Most students remember dissecting a frog in science class at school, but not everyone has witnessed a dolphin being carefully taken apart and examined. WARNING: this story contains images of a dolphin being dissected.
The dolphin was donated by DPIPWE and had been sitting in a freezer for almost a year before the procedure.
Marine Conservation Program’s Kris Carlyon said the Environment Department takes samples and provides them for research worldwide.
“We get a standard set of samples from all whales and dolphins that we investigate,” he said.
“Normally we’re doing this procedure on a beach and we take some skin, some blubber, a range of internal organ samples, we take some teeth and each one of those samples gives us some specific information.”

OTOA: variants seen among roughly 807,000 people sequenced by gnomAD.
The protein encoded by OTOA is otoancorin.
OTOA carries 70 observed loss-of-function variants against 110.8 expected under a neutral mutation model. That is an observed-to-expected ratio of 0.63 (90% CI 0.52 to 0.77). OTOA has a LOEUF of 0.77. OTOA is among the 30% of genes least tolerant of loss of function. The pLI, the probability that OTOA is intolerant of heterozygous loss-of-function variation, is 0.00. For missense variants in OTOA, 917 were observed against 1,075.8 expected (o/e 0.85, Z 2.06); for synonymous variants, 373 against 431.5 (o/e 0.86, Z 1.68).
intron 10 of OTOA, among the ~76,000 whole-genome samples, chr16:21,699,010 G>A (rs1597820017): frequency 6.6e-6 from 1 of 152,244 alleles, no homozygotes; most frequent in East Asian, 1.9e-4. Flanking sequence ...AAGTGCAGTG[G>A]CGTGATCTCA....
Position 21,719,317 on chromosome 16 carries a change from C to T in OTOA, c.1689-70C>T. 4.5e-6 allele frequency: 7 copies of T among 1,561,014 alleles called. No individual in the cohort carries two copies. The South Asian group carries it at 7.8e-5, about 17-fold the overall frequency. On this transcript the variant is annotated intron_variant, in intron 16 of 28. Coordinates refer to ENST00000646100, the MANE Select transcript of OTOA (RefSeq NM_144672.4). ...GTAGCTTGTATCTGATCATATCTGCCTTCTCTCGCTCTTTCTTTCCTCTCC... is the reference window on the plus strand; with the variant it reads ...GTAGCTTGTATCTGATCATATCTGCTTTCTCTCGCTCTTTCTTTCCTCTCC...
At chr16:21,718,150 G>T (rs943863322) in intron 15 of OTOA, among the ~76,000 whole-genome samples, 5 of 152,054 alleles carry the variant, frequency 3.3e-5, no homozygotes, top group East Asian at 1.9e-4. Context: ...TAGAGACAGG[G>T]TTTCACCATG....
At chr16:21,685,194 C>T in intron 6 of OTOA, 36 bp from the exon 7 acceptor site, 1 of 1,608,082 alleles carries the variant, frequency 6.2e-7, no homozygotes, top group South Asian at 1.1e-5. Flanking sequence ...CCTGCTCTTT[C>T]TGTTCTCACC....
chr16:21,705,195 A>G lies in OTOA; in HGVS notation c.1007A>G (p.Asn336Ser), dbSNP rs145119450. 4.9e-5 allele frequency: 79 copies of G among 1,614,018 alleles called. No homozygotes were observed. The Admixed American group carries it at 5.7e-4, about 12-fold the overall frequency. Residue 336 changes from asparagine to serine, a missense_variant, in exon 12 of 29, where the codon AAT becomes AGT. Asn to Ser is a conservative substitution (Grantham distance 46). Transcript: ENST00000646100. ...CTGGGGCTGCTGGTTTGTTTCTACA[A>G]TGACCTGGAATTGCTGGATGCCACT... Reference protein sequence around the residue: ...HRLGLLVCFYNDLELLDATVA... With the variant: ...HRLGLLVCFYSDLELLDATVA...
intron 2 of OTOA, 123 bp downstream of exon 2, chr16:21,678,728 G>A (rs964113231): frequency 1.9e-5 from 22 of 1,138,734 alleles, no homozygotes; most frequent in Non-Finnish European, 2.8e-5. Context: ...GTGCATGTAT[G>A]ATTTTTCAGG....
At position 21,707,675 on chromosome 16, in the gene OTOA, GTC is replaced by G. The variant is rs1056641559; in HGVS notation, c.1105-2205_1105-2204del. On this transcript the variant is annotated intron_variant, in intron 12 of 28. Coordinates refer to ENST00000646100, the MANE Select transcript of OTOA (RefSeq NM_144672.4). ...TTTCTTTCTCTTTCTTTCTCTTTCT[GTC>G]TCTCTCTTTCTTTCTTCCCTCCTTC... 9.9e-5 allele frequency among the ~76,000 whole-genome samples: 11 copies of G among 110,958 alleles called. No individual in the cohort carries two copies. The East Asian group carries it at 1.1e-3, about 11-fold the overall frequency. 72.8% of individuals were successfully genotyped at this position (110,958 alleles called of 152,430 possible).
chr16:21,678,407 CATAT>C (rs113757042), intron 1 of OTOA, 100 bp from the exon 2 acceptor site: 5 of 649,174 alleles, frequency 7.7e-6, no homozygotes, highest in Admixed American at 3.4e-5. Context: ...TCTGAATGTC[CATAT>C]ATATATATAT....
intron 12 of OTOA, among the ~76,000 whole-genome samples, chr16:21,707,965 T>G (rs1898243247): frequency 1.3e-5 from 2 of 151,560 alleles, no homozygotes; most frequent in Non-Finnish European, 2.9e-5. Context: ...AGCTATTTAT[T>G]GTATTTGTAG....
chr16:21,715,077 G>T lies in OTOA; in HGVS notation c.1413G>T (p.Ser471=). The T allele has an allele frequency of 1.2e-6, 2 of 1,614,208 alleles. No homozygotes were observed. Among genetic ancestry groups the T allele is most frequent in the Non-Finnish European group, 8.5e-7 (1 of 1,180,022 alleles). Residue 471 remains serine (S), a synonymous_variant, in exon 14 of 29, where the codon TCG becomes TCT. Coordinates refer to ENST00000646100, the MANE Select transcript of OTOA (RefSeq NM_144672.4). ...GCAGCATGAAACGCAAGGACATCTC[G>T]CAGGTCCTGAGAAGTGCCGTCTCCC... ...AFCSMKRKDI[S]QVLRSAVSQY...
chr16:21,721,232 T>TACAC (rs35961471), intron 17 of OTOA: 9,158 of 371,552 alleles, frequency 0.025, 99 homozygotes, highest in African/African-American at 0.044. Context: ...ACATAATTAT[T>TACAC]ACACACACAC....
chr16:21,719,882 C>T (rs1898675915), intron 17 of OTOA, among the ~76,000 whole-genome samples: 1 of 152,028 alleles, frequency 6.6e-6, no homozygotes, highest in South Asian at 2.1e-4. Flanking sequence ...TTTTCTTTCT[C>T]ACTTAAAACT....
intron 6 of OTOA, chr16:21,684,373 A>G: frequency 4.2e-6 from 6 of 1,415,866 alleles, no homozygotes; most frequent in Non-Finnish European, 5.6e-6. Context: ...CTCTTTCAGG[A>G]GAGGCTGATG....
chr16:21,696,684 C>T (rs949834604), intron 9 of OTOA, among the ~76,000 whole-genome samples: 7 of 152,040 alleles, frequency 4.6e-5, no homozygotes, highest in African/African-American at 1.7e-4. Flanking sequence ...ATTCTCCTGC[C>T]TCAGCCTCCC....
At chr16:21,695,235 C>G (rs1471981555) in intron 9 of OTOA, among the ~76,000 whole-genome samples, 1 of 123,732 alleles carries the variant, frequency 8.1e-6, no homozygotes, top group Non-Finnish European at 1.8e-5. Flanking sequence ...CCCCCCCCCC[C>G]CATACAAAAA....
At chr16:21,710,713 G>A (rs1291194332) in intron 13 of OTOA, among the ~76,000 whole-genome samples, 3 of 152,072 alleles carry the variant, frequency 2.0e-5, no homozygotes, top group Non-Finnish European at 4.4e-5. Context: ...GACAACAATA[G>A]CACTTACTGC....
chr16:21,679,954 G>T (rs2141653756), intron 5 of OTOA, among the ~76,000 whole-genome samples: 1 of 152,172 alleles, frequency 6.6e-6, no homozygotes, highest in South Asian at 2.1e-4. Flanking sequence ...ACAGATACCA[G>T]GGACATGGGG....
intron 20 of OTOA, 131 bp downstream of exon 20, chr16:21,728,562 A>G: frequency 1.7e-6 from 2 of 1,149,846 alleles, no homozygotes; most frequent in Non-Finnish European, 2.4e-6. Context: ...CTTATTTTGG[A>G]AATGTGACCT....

Mr Carlyon said skin provides genetic information, blubber indicates toxins and potential pollutants that build up in the tissue, while teeth can reveal age of the animal.
“It all helps build a picture of the health of that animal, it’s ecology and what it’s been doing prior to stranding.”